So let’s  not be too hasty in  getting huffy about the Government’s housing policies, eh?

 Except that we were  jolted by an article posted on Kiwiblog earlier this week.  It said: 

 in 2017 promised 100,000 Kiwibuild houses in 10 years, or by 2028.

Based on their current progress, they will make their 100,000 promise in the year 2313.

She promised that by 2022 the scheme will be going so well they would be completing a massive 250 homes week or 50 every weekday.

In the last five months they have completed 21 Kiwibuild homes which is one per week.

So they promised 250 a week, and they are delivering one a week.

Latest from the Beehive

7 SEPTEMBER 2022

Support for sexual and reproductive health in the Pacific

New support for access to contraceptives, family planning and other sexual and reproductive health services in the Pacific has been announced by the Minister of Foreign Affairs during a visit to Papua New Guinea (PNG).

Māori Economy prepare for Climate Action during 2021 Growth

Māori businesses are playing a key role in Aotearoa New Zealand’s, economic recovery and climate change planning according to the Tatauranga umanga Māori: 2021 report released today by Stats NZ.” Associate Minister of Statistics, Meka Whaitiri said.

Government law changes to enable faster consenting, more prefabs, comes into force

Law changes that introduce a new voluntary certification scheme for modular component, or prefab, manufacturers, and strengthen New Zealand’s building product certification scheme have come into force today.

7 SEPTEMBER 2022

More new high-quality public homes delivered in Christchurch

The work to get more people into stable housing is continuing at pace in Christchurch, with six additional homes delivered in partnership between the government and community housing provider Ōtautahi Community Housing Trust.

Speech 

6 SEPTEMBER 2022

How the future resource management system will better enable development outcomes

This speech is the fourth in a number I have given in recent months to share some of the key decisions that have been made by the Government about the new system.

Successful funding for COVID-19 research round announced

Researchers from across New Zealand have received funding to undertake research into the ongoing impacts of COVID-19 and future pandemic responses.

Government invests in local infrastructure to support decarbonisation

Communities around New Zealand will benefit from upgraded, safer, and more people-friendly streets as the result of the Government’s Streets for People programme, Transport Minister Michael Wood announced today.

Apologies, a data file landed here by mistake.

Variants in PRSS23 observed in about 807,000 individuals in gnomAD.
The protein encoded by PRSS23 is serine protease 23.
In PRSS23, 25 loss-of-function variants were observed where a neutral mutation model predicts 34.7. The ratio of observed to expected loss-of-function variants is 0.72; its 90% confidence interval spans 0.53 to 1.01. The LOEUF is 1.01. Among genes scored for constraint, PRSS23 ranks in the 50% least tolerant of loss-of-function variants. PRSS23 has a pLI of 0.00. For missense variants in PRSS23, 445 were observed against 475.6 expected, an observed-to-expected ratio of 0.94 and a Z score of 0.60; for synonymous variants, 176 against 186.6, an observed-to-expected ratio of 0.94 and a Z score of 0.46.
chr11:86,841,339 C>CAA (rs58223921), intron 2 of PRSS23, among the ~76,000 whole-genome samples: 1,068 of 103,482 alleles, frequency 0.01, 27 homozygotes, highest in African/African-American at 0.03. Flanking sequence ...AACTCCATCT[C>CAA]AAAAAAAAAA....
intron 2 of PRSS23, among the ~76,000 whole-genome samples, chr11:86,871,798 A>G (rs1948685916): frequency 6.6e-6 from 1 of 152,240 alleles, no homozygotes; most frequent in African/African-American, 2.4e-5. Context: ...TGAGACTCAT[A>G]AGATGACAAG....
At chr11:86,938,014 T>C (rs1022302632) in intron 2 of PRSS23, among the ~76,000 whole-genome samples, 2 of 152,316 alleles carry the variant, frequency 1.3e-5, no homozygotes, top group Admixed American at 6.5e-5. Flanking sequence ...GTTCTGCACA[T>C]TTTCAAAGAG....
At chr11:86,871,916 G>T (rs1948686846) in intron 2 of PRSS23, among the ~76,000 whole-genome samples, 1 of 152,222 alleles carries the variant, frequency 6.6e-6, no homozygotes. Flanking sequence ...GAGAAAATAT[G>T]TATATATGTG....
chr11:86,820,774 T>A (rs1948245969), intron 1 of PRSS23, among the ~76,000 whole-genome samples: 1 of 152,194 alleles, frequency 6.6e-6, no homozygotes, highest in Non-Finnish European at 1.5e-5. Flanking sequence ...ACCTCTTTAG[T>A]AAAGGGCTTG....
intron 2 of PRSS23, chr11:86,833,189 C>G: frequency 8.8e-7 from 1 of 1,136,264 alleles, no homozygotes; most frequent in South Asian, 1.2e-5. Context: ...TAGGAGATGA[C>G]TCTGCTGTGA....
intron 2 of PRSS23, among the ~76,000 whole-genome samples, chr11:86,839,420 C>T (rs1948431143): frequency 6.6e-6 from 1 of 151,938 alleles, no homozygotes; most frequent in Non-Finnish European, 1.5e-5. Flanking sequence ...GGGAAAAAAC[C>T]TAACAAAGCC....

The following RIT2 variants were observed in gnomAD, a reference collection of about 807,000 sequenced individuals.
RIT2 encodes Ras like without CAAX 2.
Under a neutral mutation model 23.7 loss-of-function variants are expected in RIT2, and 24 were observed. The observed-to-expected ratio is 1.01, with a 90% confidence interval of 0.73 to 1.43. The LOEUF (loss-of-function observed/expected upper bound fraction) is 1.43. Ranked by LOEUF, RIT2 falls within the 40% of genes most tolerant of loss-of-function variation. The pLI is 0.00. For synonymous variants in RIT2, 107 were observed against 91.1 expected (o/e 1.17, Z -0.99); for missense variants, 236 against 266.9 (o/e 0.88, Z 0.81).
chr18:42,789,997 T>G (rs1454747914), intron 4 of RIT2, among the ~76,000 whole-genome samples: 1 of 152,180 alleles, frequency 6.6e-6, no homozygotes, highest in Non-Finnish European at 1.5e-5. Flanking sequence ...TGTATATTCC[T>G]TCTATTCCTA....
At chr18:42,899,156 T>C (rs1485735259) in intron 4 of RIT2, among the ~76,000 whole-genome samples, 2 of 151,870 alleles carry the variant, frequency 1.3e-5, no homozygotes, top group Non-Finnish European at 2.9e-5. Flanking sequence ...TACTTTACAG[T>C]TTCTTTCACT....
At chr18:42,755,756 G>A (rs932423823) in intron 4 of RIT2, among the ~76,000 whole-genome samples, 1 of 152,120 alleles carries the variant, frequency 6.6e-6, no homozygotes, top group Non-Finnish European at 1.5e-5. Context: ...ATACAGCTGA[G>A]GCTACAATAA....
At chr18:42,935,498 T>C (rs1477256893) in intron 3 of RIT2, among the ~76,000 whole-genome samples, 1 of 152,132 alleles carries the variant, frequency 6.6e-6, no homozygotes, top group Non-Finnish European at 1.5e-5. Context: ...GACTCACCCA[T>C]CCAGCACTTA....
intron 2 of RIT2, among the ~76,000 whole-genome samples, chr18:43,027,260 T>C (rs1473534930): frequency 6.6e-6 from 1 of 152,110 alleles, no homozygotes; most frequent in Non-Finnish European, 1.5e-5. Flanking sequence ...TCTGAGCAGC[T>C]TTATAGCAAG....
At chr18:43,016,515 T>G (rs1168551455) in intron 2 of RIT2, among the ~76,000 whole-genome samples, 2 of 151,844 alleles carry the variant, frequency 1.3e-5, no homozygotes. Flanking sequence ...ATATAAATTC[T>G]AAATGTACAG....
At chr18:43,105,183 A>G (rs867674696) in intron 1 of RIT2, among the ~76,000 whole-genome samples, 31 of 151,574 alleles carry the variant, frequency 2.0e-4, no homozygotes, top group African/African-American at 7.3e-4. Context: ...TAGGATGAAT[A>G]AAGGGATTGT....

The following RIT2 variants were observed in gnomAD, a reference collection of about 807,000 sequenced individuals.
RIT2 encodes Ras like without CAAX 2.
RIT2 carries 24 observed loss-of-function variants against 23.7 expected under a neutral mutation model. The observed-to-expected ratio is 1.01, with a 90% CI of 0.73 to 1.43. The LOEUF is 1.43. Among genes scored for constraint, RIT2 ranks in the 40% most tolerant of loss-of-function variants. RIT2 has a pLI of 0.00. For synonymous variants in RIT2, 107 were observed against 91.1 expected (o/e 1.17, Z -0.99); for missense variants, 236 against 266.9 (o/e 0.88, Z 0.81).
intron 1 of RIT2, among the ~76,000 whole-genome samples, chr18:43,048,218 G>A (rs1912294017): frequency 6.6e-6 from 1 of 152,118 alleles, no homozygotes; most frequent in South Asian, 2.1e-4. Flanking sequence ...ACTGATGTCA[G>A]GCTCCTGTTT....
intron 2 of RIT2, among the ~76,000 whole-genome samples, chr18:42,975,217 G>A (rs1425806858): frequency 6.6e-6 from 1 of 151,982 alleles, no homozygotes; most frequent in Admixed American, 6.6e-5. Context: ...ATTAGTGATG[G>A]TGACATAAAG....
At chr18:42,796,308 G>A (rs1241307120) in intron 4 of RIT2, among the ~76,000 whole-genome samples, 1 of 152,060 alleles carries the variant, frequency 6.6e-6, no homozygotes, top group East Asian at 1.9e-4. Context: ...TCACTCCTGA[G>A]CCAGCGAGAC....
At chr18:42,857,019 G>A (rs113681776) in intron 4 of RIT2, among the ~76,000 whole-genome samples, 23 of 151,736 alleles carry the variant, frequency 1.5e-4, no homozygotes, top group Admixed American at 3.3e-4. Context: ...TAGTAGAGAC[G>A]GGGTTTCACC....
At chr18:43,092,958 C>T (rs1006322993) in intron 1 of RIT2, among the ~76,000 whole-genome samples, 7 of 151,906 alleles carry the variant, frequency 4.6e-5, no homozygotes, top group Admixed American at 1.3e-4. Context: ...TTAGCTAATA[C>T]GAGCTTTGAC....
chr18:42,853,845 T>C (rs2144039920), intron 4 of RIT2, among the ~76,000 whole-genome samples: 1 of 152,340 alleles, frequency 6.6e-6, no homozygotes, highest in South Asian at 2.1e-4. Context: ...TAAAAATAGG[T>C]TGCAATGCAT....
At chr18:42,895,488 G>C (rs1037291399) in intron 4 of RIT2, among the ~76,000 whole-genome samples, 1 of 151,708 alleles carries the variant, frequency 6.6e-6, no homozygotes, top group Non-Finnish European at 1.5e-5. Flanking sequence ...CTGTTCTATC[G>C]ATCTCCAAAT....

Lessons from the past: how the state went shopping in Austria to have 500 houses assembled in Titahi Bay in the 1950s

Buzz from the Beehive

Readers who go wandering around the Titahi Bay area of Porirua may well stumble upon the consequences of the state acting both as land developer and builder of state-owned homes when the private sector failed to meet the demand for housing in the early 1950s.

In 1952 the then Minister of Housing, W.S.Goosman, approved 1000 prefabricated houses to be bought overseas.

Five hundred of the pre-fabricated dwellings came from Austria to meet state housing demand.

These were assembled in Tītahi Bay by 194 Austrian tradesmen brought in for the task. After completing their work some of them stayed on and became New Zealanders.

The Titahi Bay Community Group website says the Titahi Bay houses were pre-cut and manufactured with Austrian timber in Austria but were designed in New Zealand.   

The Austrian houses still form a distinct neighbourhood of Porirua City and the descendants of several young Austrian men who came here to work on the project live in the Bay area to this day.

Point of Order was prompted to wonder what could be learned (if anything) from the Titahi Bay initiative on reading the latest statement from Housing Minister Megan Woods

She said the Government is driving innovation and ramping up progress in Rotorua with the first six of 37 homes delivered with the fast, modern, off-site building method known as OSM (offsite manufacturing).

OSM is the construction of buildings and components of buildings offsite in a factory, which are then transported to the sites where they are needed.

Continue reading “Lessons from the past: how the state went shopping in Austria to have 500 houses assembled in Titahi Bay in the 1950s”

Fetters are slapped on “fast-track” law to ensure the country benefits from forestry conversions by foreigners

Buzz from the Beehive

Some readers might be surprised to learn from Associate Finance Minister David Parker that the law has been changed to ensure forestry conversions by overseas investors benefit New Zealand.

Did the law previously allow forestry conversions by overseas investors that would be to the country’s disadvantage?

Not necessarily.

Previously, overseas investors wishing to convert land, such as farm land, into forestry were required to meet the “special forestry test.”

Parker described this as a “streamlined” test, designed to encourage investment in production forestry.

The Overseas Investment (Forestry) Amendment Bill – which has just passed its third reading – requires overseas investors to show their conversions will benefit New Zealand by meeting the stricter “benefit to New Zealand test.” Continue reading “Fetters are slapped on “fast-track” law to ensure the country benefits from forestry conversions by foreigners”

Oh, look – Sepuloni finds some money for the arts has not been spent, but it will be put to use in a trough for cultural “regeneration”

Buzz from the Beehive

News of the PM’s next overseas travel plans flowed from the Beehive along with a fanfaronade of self-congratulation for work coming along nicely, thank you, announcements of fresh projects and programmes for consuming our taxes, and advice aimed at enhancing our wellbeing.